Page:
To cheat or not to cheat? Researchers uncover the moral dilemmas of doping

Elite athletes are less likely to take banned substances if they consider the morality of what they are doing, and not just the health consequences of doping, according to a new study led by the University of Birmingham and funded by the World Anti-Doping Agency (WADA) .

In the study, conducted in UK, Denmark, and Greece, 1,500 athletes were asked to complete a questionnaire about two hypothetical doping situations. Participants were male and female elite football players, competing just below professional levels.

In the first of the hypothetical scenarios, the athletes were asked to imagine they were trying to improve their performance after a period of disappointing results, while in the second, they were asked to imagine themselves in a situation, where they were recovering from an injury. Following each scenario, they were asked to indicate how likely they were to take the banned substance if they were in that situation.

Across the three countries, footballers indicated a relatively higher likelihood of doping for injury recovery than for performance enhancement.

The researchers looked specifically at the emotions and attitudes toward doping anticipated by the survey participants. They found that decisions were likely to be made based on how much guilt a person was expecting to feel. Some athletes found they were able to disengage, or distance themselves from the moral aspects of doping, leading to lower feelings of guilt. For example, they thought that doping is acceptable because it helps their team, and is a way to maximize their potential. Or they might feel it is acceptable because other athletes also dope. These justifications suppress the guilt athletes expected to feel, which is what prevents us from cheating. These lower feelings of guilt, in turn, were associated with greater likelihood to dope.

Dr Maria Kavussanu , in the School of Sport, Exercise and Rehabilitation Studies at the University of Birmingham, who led the study explained: “If an athlete can justify their actions to themselves, they will feel less guilt, which makes them more likely to dope. If we reinforce the message that doping is cheating, athletes are less likely to do it.”

The researchers were also interested in finding out what factors might reduce these justifications, which would ultimately allow athletes to suppress their feelings of guilt and use banned substances. The key factor which seems to protect athletes from doping was moral identity. This means how important it was to the players to be a moral person, and how strong their moral values, such as being fair or honest, were. Those players who had a strong moral identity did not use justifications for doping, expected to feel more guilt for doping, and ultimately were less likely to dope.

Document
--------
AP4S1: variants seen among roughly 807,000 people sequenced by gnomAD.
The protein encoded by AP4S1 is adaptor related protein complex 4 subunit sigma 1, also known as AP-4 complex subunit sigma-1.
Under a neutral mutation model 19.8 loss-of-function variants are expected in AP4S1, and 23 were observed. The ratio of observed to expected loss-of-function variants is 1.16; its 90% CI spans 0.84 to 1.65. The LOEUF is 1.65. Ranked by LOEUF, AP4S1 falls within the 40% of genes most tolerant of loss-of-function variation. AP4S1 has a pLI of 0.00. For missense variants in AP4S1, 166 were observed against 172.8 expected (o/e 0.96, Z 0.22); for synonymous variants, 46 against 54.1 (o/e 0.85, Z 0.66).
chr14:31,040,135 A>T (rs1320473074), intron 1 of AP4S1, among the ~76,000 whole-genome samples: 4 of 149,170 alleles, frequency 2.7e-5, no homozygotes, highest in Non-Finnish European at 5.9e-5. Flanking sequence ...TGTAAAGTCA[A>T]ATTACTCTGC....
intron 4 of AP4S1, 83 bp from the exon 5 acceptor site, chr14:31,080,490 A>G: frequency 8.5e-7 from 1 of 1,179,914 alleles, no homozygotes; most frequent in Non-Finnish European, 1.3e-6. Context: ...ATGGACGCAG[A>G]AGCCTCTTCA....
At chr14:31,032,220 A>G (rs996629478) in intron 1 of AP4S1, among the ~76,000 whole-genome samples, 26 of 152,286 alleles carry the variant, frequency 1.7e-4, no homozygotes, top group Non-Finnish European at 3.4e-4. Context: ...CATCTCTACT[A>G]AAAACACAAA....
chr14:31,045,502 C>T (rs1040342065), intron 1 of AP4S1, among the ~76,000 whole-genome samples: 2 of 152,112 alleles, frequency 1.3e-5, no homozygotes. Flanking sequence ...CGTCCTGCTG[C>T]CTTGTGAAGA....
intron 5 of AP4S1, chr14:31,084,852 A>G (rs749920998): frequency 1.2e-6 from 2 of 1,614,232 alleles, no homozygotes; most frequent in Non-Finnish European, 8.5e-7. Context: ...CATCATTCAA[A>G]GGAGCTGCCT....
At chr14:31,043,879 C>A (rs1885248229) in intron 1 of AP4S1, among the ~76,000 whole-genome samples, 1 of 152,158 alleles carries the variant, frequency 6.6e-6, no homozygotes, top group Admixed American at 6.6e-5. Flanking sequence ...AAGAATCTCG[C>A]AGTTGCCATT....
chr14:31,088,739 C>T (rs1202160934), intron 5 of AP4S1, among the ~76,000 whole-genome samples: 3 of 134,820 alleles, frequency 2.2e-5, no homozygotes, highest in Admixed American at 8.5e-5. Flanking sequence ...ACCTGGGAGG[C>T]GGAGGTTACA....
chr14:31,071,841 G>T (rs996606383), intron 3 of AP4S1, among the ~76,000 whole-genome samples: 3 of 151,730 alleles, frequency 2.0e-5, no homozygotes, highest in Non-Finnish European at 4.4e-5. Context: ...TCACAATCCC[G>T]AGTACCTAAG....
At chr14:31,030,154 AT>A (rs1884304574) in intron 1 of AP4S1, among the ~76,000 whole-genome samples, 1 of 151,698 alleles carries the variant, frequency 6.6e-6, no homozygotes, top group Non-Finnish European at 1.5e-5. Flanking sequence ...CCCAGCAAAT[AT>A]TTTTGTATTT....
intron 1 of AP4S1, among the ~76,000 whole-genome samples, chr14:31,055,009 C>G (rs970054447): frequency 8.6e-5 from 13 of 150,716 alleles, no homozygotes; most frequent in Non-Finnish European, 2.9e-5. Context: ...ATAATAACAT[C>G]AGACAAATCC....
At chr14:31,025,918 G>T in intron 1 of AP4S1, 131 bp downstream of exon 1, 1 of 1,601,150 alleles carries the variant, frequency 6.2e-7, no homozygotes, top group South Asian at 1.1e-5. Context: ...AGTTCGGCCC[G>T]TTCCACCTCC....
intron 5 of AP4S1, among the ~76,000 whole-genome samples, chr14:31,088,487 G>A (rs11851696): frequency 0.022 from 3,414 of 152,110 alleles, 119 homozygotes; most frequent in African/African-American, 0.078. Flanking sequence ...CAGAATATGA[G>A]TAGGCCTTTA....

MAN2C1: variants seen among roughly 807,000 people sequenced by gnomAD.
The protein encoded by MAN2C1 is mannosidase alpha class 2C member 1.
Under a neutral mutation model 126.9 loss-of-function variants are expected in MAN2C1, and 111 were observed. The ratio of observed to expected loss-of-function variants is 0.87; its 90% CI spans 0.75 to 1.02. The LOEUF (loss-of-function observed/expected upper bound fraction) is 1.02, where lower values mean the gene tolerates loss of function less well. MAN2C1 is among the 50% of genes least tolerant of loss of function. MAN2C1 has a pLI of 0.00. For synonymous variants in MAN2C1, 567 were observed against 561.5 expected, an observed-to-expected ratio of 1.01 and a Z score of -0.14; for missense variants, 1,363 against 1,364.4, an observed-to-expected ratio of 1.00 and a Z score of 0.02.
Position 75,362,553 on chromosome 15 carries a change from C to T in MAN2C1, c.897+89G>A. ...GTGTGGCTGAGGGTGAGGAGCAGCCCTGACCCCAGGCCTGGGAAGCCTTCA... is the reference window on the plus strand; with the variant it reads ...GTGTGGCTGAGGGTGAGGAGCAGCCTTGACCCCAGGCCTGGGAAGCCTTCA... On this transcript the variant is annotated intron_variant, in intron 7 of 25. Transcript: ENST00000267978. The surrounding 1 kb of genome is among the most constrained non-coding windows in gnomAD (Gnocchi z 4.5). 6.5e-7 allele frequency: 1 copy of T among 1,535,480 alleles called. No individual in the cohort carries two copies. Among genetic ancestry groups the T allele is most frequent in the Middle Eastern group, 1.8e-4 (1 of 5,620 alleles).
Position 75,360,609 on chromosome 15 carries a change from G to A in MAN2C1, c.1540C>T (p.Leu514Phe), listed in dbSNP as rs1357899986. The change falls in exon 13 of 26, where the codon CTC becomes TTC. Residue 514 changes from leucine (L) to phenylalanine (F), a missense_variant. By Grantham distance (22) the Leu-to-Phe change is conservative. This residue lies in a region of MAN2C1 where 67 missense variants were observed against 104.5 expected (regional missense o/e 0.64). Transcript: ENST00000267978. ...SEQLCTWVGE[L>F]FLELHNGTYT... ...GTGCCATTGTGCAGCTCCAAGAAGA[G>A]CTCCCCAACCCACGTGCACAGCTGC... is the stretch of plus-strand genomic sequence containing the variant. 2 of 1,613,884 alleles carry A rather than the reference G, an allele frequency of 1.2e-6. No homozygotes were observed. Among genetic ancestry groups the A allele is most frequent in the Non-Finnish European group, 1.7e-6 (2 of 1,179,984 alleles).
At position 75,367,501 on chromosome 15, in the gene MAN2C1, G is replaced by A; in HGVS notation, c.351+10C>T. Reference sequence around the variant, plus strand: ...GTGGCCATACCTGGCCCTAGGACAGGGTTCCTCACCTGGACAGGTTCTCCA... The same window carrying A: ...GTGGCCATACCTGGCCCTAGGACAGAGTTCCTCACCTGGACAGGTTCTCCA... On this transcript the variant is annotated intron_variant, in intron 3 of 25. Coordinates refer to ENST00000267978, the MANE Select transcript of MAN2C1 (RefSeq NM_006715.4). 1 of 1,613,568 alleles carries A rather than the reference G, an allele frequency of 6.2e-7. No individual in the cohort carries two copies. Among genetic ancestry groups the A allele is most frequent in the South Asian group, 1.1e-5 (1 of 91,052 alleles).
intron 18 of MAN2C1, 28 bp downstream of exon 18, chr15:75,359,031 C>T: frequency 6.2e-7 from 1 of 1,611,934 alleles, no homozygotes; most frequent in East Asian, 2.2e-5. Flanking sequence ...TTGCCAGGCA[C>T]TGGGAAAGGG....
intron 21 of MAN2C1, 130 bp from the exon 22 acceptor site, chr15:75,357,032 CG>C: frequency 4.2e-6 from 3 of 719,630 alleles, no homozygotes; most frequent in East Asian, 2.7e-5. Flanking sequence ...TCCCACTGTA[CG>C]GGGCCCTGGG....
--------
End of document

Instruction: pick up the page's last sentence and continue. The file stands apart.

The researchers also found that coaches’ behavior, and the ‘performance climate’ in which athletes were training also had a significant effect on their doping likelihood. If coaches were creating a climate in which players who made a mistake were penalised, or if they gave undue attention to the best players, athletes were more likely to turn towards banned substances. The coach can therefore play an important role in doping prevention.

The research findings are forming the basis for anti-doping interventions aimed at challenging players’ attitudes towards banned substances. Funded by the World Anti-Doping Agency and the International Olympic Committee, the team has developed a series of interventions which highlight the moral angle through stories of athletes who have been affected by these issues, and what it has meant for them, and for their team mates and families.

“A lot of anti-doping messages warn athletes about taking supplements and stress the consequences of being found out - you might be fined, or banned from the sport,” adds Dr Kavussanu. “But our research shows there could be a powerful moral message that is being overlooked in current anti-doping interventions worldwide. This type of messaging teaches athletes that doping is cheating, and that it has consequences for fellow athletes and team members, as well as for your own health.”

Tony Cunningham, Senior Manager, Education at the World Anti-Doping Agency, says: “This study is another important step in further understanding the behaviour of doping and it gives valuable insights into how interventions can be tailored to more effectively prevent it from happening. Engaging athletes at a moral level is important, but how to do this and the types of messages an athlete should receive can be difficult to know. The research team have helped to better understand how these messages can be framed.

“The study also highlights another important aspect in the prevention of doping, that of the athlete’s environment. The type of climate that is promoted by coaches and those closest to the athlete can have a significant impact on how likely someone is to dope, and this may be done unwittingly, making it all the more important for education interventions to address going forward.”

Published in Psychology of Sport and Exercise, the study was led by Dr Maria Kavussanu from the University of Birmingham, with co-investigators from California State University, the University of Leipzig and the University of Thessaly.